Much of the talk around English cricket is about a batsman who spent a lot of time batting at No. 4. What the future holds for Kevin Pietersen remains unclear, but the man who moved into the position vacated by his sacking last year is a fine player himself. Ian Bell’s 22nd Test hundred – now just one fewer than Pietersen (currently) has – helped England recover from a difficult start in Antigua and end the opening day of the series in the ascendency.
It was a quite a turnaround in the second two thirds of the day: at lunch England had plodded and prodded their way to 49 for 3 off 25 overs – although against some testing bowling from West Indies’ three quicks – but in the rest of the day they amassed 292 off 65 overs. Joe Root made 83 in a fourth-wicket stand of 177 which reset England after a start that had threatened more bad vibes.
Ben Stokes, recalled to the side in the No. 6 spot vacated by the injured Moeen Ali, continued the resurgence by skipping to a 59-ball fifty after three consecutive ducks against India last year, ending in sight of a second Test hundred. No need to punch a locker this time. He and Bell surged to a partnership of 130 in 25 overs until Kemar Roach produced an excellent delivery to nick Bell’s edge off the last ball of the penultimate over.
Jonathan Trott’s international return after a gap of 16 months was less successful as he lasted three balls and edged to first slip. Elsewhere in a tough start, Alastair Cook dragged on against Roach and Gary Ballance was lured into driving a wide delivery to slip, his mind muddled by some challenging bowling, as West Indies probed away around the wicket, and an approaching shower. West Indies offered barely a bad ball – but, not for the first time, that pressure only lasted a session.
The early movement, aided by some residual moisture which had encouraged Denesh Ramdin’s surprising choice to bowl, diminished after lunch but equally as important was the greater intent shown by Bell and Root on the resumption. Bell had needed 20 balls to get off the mark and was 10 off 48 deliveries when he started to pick off regularly boundaries, although he could have been in trouble on 21 had a third slip remained for Jerome Taylor.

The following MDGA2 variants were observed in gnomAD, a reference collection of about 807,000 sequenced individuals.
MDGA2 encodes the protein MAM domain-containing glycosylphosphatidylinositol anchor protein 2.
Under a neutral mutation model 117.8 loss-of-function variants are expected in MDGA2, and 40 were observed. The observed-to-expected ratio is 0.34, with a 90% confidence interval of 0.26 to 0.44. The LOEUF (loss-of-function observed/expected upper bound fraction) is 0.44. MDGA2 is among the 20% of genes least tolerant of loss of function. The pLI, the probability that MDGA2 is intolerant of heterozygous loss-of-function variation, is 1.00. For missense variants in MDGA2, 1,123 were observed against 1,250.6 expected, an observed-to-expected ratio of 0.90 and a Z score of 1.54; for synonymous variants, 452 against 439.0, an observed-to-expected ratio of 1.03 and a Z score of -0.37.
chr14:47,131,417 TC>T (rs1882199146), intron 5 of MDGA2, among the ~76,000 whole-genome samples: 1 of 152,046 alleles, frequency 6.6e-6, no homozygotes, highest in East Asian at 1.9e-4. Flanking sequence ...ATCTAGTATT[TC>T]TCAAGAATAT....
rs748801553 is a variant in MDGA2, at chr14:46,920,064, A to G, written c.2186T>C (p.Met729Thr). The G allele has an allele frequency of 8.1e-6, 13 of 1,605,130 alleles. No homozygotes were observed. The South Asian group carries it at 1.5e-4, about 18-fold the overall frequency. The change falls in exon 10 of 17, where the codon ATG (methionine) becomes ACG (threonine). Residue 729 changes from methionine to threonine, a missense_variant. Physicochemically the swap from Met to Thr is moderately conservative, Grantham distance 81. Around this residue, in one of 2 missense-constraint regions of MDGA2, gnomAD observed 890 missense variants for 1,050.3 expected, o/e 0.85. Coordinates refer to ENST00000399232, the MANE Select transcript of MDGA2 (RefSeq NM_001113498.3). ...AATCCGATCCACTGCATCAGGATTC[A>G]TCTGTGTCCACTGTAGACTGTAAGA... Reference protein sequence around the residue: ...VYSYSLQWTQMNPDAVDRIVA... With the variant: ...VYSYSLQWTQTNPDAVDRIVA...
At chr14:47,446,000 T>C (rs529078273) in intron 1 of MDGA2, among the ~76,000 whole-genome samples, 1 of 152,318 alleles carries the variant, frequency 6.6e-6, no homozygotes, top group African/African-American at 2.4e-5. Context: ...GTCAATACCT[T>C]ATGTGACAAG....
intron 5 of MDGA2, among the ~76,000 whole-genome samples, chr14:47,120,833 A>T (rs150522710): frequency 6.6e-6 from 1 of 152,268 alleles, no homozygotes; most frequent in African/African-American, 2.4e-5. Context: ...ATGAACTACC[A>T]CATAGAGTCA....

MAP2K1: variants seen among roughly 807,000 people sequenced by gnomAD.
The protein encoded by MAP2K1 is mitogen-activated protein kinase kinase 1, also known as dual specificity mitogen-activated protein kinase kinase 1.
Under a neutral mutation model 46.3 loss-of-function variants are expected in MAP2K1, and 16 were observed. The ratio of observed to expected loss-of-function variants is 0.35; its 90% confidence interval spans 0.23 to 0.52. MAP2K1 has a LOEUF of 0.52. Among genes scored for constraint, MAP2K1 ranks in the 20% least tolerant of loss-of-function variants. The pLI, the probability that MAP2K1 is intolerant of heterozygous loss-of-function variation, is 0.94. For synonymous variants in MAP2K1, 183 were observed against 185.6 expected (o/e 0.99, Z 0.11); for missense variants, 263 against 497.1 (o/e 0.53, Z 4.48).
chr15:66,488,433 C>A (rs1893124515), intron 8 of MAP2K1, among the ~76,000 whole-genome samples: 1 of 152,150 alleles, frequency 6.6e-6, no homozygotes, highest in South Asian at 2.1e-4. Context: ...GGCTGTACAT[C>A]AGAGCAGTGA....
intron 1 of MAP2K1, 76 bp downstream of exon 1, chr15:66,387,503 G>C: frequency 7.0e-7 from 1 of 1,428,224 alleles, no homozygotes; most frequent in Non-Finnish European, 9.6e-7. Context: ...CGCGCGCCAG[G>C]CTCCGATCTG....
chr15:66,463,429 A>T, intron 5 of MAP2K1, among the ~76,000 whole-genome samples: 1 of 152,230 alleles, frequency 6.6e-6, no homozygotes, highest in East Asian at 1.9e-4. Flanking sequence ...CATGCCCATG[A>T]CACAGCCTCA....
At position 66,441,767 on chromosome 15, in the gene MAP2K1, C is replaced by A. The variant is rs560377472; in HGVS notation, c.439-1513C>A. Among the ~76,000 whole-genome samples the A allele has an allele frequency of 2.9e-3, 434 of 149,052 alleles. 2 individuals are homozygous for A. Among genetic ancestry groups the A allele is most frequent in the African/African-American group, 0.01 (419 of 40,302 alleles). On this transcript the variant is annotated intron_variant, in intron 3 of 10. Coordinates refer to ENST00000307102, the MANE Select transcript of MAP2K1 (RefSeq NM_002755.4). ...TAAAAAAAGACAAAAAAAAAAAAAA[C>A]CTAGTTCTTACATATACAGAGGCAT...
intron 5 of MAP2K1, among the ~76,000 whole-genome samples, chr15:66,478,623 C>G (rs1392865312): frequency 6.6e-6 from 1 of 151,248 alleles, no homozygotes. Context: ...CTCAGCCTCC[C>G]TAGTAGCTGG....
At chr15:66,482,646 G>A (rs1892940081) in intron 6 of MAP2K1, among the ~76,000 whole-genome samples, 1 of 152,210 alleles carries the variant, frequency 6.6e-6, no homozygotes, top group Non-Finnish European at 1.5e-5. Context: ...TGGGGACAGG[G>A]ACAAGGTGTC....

It was not a pitch which made Bell’s graceful cover drive an easy shot to play, but he still dominated through the off side by driving strongly square and late-cutting down to third man: the region from point to third man brought 56 runs from 21 balls with ten of his boundaries.
Not for the first time, Root’s busy approach at the crease helped to liven up an England innings that had barely moved out of first gear. His nimble footwork and use of the crease disrupted the line of Sulieman Benn – something that Bell also did impressively, including a six over long-on – while the consistency of the pacemen, which had been a stand out feature of the morning session, was not replicated.
Root brought up his fifty off 99 deliveries with a crunching on-drive, holding the pose for good measure. However, shortly before tea he needed treatment from the physio for a back problem which led to him being contorted in all manner of directions before resuming his innings. He was given a life straight after tea, on 61, when Benn dropped a simple catch at midwicket but he did not appear too impeded until lazily dragging on against Taylor with a century on offer.
Three figures did not elude Bell, but the boundary that brought his milestone from 194 balls was one of his less convincing as he went for his favourite late cut against Marlon Samuels and edged it to the left of slip who had already starting move to his right in anticipation of the shot.
Bell and Stokes continued to enhance England’s position during the final session against an attack which had lost its morning zip. Benn could not provide the control needed by his captain while Samuels went at nearly five-an-over when Ramdin rested his quicks.
It took Stokes seven balls to score his first Test runs since Sydney last January as he opened his account with a square cut off Taylor. On 21, West Indies reviewed for an lbw shout from Benn but the ball was only clipping the top of leg stump and a short while later Stokes took the left-arm spinner for six over long-on.
The extra pace of the second new ball was to his liking as well as he sped to his half-century before taking three consecutive boundaries off Taylor – to make it five in nine balls off the same bowler – switching between powerful drives and pulls. For him, if not for Bell, there is the chance of further plunder.